18. ^ Kiefer, Eric (May 11, 2017). "Montclair Woman, Ex-Prosecutor To Challenge Frelinghuysen For Congress". Montclair, NJ Patch.
  19. ^ Zaremba, Justin (May 11, 2017). "Ex-Navy helicopter pilot plans to challenge Rep. Frelinghuysen".
  20. ^ Frelinghuysen, Rodney P. (January 29, 2018). "Statement of Representative Rodney P. Frelinghuysen (NJ-11)" (Press release). Rodney P. Frelinghuysen.
  21. ^ Jordan, Mary (February 7, 2018). "After Iraq and Afghanistan, pioneering women in the military set sights on Congress". The Washington Post.
  22. ^ Herb Jackson (May 22, 2017). "Is Rep. Rodney Frelinghuysen really vulnerable in 2018?". The Record.
  23. ^ Kaulessar, Ricardo (November 1, 2017). "No joke! Chelsea Handler comes to Montclair for politics" (Includes video).
  24. ^ "VoteVets PAC Endorses Mikie Sherrill for Congress".
  25. ^ "Mikie Sherrill, U.S. House, New Jersey". EMILY's List. Retrieved July 9, 2018.
  26. ^ Editorial Board (May 28, 2018). "Opinion: Mikie Sherrill for New Jersey Democrats". The New York Times.
  27. ^ "Helping Elect Pro-Environmental Candidates to Congress". Clean Water Action. June 11, 2018.
  28. ^ Corasanti, Nick; Flegenheimer, Matt (June 5, 2018). "Democrats Gain Spots to Battle for Crucial House Seats in New Jersey". The New York Times.
  29. ^ Salant, Jonathan D. (June 5, 2018). "Former Navy pilot, ex-Obama officials to lead Jersey Dem charge to win House at Trump midterm".
  30. ^ Almukhtar, Sarah (June 5, 2018). "New Jersey Primary Election Results". The New York Times.
  31. ^ Stiles, Charles (June 4, 2018). "Mikie Sherrill and other women 'appalled' by Donald Trump make record run for Congress". USA Today.
  32. ^ Golshan, Tara; Prokop, Andrew (June 5, 2018). "Live results for New Jersey's Senate and House primary races". Vox Media.
  33. ^ Jackson, Herb (July 16, 2018). "Shattering NJ record, Mikie Sherrill raises $1.9 million for House race". North Jersey. Retrieved August 26, 2018.
  34. ^ "N.J. Election 2018: Mikie Sherrill wins House seat for Democrats, beats Jay Webber". Retrieved November 29, 2018.
  35. ^ "New Jersey's 11th Congressional District election, 2018 – Ballotpedia". Ballotpedia. Retrieved November 29, 2018.
  36. ^ "New Jersey Election Results 2018: U.S. House, New Jersey 11th congressional district", Politico.
  37. ^ NARVAEZ, ALFONSO A. (November 11, 1984). "MINISH CONSIDERS CAUSES OF HIS LOSS". The New York Times. Retrieved March 6, 2016.
  38. ^ Connolly, Griffin; Connolly, Griffin (January 10, 2019). "Houlahan, Sherrill take leadership roles among freshman Dem moderates". Roll Call. Retrieved January 17, 2019.
  39. ^ Lindsey McPherson (November 27, 2018). "Blue Dog Coalition Elects 3 New Co-Chairs to Lead Them in Next Congress". Roll Call.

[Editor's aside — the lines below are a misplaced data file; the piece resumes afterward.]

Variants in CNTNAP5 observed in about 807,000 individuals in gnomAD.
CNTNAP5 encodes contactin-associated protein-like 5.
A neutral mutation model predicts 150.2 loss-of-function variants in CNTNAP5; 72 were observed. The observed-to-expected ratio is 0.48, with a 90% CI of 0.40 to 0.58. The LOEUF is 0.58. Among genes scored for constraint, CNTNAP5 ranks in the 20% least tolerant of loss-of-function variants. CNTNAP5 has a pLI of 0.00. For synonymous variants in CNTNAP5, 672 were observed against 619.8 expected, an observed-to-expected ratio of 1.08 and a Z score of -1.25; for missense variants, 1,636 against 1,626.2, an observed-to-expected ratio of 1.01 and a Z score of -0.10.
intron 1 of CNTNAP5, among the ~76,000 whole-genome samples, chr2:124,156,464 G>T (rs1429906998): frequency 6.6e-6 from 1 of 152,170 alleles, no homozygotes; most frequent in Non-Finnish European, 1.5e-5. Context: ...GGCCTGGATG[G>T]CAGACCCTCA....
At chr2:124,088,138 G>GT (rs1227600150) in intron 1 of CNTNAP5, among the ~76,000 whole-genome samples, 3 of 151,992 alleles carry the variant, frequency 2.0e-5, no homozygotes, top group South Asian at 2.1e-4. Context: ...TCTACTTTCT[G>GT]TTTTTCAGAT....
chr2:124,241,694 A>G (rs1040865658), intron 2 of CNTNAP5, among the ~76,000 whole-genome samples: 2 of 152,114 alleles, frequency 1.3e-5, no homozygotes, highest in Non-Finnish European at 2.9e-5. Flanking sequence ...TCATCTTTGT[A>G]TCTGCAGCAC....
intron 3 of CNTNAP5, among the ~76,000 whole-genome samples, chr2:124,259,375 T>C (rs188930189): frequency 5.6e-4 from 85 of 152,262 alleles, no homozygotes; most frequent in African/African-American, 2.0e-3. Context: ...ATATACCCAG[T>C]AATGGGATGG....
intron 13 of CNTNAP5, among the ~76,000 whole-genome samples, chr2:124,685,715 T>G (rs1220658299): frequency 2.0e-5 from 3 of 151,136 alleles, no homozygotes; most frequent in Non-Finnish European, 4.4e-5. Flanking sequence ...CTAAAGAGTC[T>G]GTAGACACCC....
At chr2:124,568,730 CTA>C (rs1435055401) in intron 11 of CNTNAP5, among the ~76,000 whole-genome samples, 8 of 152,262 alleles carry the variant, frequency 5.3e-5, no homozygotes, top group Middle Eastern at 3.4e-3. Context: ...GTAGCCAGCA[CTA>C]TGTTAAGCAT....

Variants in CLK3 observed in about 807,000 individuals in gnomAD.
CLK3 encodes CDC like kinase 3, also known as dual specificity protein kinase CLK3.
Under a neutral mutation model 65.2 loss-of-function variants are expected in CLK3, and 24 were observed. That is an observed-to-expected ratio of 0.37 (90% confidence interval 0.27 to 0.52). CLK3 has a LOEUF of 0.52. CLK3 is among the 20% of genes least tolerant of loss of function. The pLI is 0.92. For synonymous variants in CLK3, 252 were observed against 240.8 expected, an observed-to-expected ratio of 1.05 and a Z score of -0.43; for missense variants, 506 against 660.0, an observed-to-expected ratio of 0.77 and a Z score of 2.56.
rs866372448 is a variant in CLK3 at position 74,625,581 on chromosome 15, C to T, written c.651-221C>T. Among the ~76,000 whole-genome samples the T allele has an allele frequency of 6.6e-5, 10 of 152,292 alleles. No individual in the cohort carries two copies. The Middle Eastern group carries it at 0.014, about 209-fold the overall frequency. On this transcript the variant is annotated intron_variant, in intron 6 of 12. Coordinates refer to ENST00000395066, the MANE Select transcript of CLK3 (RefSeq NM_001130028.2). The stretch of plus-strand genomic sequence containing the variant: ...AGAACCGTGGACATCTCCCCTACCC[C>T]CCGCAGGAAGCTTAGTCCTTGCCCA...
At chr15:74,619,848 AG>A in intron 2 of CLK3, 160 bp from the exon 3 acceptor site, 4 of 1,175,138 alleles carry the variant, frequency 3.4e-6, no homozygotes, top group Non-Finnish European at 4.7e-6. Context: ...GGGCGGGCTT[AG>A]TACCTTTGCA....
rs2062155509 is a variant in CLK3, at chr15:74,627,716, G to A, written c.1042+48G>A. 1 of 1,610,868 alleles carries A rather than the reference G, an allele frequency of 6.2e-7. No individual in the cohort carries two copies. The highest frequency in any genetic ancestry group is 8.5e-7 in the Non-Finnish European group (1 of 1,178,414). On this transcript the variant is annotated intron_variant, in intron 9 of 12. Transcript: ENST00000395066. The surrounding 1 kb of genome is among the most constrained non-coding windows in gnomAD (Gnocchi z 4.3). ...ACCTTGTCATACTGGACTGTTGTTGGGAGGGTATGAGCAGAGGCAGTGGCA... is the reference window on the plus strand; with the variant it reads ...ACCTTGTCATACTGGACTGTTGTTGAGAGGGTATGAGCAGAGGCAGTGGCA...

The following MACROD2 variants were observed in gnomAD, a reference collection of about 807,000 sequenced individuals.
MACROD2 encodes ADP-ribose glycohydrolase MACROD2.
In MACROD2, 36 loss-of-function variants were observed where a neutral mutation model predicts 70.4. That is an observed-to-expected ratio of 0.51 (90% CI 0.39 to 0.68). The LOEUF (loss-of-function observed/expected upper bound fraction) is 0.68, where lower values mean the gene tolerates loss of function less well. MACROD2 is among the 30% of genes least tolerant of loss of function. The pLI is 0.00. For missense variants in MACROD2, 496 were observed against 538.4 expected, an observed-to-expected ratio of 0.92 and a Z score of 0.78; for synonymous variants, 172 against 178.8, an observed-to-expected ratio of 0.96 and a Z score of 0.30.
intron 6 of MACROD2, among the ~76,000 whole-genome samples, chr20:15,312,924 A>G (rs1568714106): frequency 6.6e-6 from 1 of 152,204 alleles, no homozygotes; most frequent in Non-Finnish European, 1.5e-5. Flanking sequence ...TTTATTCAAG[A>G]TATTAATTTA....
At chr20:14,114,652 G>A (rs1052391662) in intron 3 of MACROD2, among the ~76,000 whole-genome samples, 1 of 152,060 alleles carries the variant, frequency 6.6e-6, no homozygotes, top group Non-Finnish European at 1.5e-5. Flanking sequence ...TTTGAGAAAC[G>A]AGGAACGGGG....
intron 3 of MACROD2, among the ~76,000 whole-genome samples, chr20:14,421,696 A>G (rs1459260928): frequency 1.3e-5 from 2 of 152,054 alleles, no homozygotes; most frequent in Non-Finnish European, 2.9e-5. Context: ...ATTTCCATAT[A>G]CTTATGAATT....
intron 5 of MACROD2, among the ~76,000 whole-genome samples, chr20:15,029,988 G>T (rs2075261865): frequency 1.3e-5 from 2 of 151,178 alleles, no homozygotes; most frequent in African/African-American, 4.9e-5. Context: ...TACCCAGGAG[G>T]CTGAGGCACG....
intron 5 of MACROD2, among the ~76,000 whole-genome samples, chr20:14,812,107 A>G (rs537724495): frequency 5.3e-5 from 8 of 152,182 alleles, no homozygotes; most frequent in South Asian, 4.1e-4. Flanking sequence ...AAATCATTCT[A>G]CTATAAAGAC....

40. ^ "Here are the 15 Democrats who didn't vote for Pelosi as speaker". Roll Call. January 3, 2019.
  41. ^ Alia Slisco (October 3, 2019). "TRUMP 'GOING AGAINST THE CONSTITUTION,' DEM. REP. MIKIE SHERRILL TELLS CHRIS CUOMO: 'SIMPLY NOT ACCEPTABLE'". Newsweek. Retrieved October 4, 2018. ...Sherrill ... had not been in favor of moving forward with the impeachment.... However, she stated that the recent allegation Trump asked Ukraine President Volodymyr Zelensky to investigate Joe Biden has provided an unambiguous case against the president.
  42. ^ Charles Stile (September 24, 2019). "How Mikie Sherrill's 'grave concerns' pushed Nancy Pelosi to impeachment". New Jersey Record. Retrieved October 4, 2018. ...By citing their past careers "in the defense of our country, Sherrill and her colleagues framed their statement as rooted in self-sacrifice and principle, not partisanship....
  43. ^ Michael Kruse (September 27, 2019). "'It Feels Like a 1776 Kind of Fight': A freshman congresswoman reckons with the historical weight of standing up to the president". Politico Magazine. Retrieved October 4, 2018.
  44. ^ "Committees". U.S. Congresswoman Mikie Sherrill. Office of Congresswoman Mikie Sherrill. Retrieved June 24, 2019.
  45. ^ "BLUE DOG COALITION ANNOUNCES LEADERSHIP, NEW MEMBERS FOR THE 116TH CONGRESS". Blue Dog Coalition. November 27, 2018. Retrieved February 8, 2019.
  46. ^ "New Democrat Coalition Inducts 30 Members-Elect and Elects New Leadership". New Democrat Coalition. November 30, 2018. Archived from the original on February 3, 2019. Retrieved February 8, 2019.
  47. ^ "Nominations – Naval Academy Graduates: Jason J. Hedberg". Congressional Record. 140 (53). May 5, 1994.
  48. ^ "USNA Men's Rugby Team: All Americans, Eight-Man. Jason Hedberg ('93, '94)". NBC Sports. 1994.

External links

U.S. House of Representatives
Preceded by
Rodney Frelinghuysen
Member of the U.S. House of Representatives
from New Jersey's 11th congressional district

U.S. order of precedence (ceremonial)
Preceded by
Donna Shalala
United States Representatives by seniority
Succeeded by
Elissa Slotkin
This page was last edited on 25 July 2020, at 13:00